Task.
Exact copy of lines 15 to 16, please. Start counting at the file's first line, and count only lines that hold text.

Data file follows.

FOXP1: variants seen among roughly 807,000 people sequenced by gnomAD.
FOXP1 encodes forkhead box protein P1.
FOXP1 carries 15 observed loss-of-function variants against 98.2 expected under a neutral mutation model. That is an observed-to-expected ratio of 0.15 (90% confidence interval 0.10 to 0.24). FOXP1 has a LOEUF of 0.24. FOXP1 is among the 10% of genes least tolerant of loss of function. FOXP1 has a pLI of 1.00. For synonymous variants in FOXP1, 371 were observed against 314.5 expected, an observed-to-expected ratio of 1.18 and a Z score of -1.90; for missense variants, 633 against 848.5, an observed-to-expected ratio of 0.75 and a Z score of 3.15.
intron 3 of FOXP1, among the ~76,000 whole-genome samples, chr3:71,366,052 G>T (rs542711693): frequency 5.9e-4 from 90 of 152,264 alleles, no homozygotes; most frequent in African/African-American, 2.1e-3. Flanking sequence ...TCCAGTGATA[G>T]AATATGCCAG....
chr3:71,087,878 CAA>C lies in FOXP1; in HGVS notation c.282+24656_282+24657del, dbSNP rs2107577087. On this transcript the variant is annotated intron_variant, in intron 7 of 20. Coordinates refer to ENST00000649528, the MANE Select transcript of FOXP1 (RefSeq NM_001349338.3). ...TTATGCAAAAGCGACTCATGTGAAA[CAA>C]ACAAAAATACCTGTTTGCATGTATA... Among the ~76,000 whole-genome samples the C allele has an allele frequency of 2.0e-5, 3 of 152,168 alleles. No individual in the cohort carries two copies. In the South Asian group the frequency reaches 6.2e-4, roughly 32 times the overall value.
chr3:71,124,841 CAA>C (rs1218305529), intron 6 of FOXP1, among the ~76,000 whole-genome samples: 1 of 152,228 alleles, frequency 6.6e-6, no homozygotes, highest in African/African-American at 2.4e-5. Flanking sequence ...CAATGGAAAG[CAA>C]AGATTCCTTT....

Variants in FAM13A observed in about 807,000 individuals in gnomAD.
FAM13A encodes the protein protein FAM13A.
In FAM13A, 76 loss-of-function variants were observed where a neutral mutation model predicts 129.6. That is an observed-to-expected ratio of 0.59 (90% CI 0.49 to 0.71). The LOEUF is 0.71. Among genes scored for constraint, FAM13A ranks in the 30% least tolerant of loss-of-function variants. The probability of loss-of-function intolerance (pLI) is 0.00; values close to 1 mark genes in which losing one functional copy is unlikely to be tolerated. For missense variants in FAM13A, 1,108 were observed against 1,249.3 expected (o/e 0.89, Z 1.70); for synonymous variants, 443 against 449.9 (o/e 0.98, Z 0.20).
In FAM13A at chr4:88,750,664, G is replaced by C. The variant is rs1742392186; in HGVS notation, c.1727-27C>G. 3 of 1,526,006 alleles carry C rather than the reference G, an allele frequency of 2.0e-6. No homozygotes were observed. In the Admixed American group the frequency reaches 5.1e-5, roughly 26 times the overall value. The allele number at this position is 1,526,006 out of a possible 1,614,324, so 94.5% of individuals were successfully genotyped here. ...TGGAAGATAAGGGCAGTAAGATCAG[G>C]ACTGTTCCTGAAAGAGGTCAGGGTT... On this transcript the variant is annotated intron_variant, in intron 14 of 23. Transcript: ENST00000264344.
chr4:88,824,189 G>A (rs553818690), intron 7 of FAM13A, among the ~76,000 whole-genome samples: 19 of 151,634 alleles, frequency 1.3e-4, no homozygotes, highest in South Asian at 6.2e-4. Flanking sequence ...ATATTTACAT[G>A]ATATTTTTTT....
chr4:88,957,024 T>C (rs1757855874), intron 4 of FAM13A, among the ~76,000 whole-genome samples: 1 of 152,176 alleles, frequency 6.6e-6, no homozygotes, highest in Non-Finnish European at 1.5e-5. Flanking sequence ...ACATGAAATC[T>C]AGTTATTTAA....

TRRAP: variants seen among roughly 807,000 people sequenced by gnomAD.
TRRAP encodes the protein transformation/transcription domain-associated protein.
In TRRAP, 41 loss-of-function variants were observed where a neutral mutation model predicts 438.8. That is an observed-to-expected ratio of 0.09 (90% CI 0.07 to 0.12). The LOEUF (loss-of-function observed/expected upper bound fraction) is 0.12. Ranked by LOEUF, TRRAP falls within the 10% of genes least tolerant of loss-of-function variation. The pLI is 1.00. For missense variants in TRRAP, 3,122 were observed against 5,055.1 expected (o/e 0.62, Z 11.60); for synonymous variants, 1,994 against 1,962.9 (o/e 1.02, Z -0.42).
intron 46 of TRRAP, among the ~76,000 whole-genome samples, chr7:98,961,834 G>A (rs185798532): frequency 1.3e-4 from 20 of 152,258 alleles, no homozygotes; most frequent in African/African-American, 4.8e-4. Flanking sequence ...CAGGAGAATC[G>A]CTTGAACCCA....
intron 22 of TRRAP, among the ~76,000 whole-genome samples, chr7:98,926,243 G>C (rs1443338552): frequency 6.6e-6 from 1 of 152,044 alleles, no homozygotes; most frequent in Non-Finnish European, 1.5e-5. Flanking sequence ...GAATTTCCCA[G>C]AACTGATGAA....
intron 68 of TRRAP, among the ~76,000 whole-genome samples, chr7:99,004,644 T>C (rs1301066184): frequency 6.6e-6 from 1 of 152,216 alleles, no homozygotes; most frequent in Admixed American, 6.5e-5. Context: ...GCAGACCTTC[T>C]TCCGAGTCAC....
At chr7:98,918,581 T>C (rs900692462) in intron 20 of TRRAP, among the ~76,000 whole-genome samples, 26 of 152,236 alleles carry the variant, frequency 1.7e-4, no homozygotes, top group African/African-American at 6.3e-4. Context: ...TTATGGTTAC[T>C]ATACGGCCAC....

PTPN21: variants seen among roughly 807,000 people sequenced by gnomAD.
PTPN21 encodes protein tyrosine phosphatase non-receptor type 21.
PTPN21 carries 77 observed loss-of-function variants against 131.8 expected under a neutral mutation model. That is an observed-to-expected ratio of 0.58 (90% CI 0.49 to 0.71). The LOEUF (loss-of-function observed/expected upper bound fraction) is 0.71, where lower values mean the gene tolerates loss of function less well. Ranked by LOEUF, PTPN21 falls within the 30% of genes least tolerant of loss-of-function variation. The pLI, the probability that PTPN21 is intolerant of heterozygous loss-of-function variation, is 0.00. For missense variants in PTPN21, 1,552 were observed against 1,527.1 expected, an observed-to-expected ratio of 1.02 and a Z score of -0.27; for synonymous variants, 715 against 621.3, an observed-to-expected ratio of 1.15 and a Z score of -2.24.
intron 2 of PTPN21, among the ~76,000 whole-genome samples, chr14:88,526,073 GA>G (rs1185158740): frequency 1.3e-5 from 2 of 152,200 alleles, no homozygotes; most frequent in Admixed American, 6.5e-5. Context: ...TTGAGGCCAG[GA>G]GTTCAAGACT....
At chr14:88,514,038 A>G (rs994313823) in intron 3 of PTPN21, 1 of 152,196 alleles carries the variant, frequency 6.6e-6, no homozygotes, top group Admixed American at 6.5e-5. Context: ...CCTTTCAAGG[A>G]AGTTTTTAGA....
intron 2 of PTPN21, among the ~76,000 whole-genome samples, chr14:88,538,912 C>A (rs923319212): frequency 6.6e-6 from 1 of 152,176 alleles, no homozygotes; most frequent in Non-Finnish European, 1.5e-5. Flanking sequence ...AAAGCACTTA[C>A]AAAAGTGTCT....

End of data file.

In TRRAP, 41 loss-of-function variants were observed where a neutral mutation model predicts 438.8. That is an observed-to-expected ratio of 0.09 (90% CI 0.07 to 0.12). The LOEUF (loss-of-function observed/expected upper bound fraction) is 0.12. Ranked by LOEUF, TRRAP falls within the 10% of genes least tolerant of loss-of-function variation. The pLI is 1.00. For missense variants in TRRAP, 3,122 were observed against 5,055.1 expected (o/e 0.62, Z 11.60); for synonymous variants, 1,994 against 1,962.9 (o/e 1.02, Z -0.42).
intron 46 of TRRAP, among the ~76,000 whole-genome samples, chr7:98,961,834 G>A (rs185798532): frequency 1.3e-4 from 20 of 152,258 alleles, no homozygotes; most frequent in African/African-American, 4.8e-4. Flanking sequence ...CAGGAGAATC[G>A]CTTGAACCCA....